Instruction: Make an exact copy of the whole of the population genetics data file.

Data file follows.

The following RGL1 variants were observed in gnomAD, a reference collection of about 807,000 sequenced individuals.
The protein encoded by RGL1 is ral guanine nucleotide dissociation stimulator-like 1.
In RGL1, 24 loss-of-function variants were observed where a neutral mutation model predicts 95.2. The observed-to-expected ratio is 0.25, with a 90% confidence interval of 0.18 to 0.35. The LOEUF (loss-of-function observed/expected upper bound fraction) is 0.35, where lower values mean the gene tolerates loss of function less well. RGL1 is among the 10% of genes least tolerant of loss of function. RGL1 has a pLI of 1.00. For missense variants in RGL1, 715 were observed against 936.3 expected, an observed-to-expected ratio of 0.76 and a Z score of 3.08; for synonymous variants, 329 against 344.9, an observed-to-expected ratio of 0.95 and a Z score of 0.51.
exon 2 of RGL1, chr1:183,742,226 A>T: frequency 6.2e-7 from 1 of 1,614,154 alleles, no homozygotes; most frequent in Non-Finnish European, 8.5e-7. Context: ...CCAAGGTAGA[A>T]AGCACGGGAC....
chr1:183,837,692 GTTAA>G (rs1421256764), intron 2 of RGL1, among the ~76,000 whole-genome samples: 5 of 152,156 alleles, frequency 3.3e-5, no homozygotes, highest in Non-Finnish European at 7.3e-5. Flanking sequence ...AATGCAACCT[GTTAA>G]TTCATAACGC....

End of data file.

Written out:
The following RGL1 variants were observed in gnomAD, a reference collection of about 807,000 sequenced individuals.
The protein encoded by RGL1 is ral guanine nucleotide dissociation stimulator-like 1.
In RGL1, 24 loss-of-function variants were observed where a neutral mutation model predicts 95.2. The observed-to-expected ratio is 0.25, with a 90% confidence interval of 0.18 to 0.35. The LOEUF (loss-of-function observed/expected upper bound fraction) is 0.35, where lower values mean the gene tolerates loss of function less well. RGL1 is among the 10% of genes least tolerant of loss of function. RGL1 has a pLI of 1.00. For missense variants in RGL1, 715 were observed against 936.3 expected, an observed-to-expected ratio of 0.76 and a Z score of 3.08; for synonymous variants, 329 against 344.9, an observed-to-expected ratio of 0.95 and a Z score of 0.51.
exon 2 of RGL1, chr1:183,742,226 A>T: frequency 6.2e-7 from 1 of 1,614,154 alleles, no homozygotes; most frequent in Non-Finnish European, 8.5e-7. Context: ...CCAAGGTAGA[A>T]AGCACGGGAC....
chr1:183,837,692 GTTAA>G (rs1421256764), intron 2 of RGL1, among the ~76,000 whole-genome samples: 5 of 152,156 alleles, frequency 3.3e-5, no homozygotes, highest in Non-Finnish European at 7.3e-5. Flanking sequence ...AATGCAACCT[GTTAA>G]TTCATAACGC....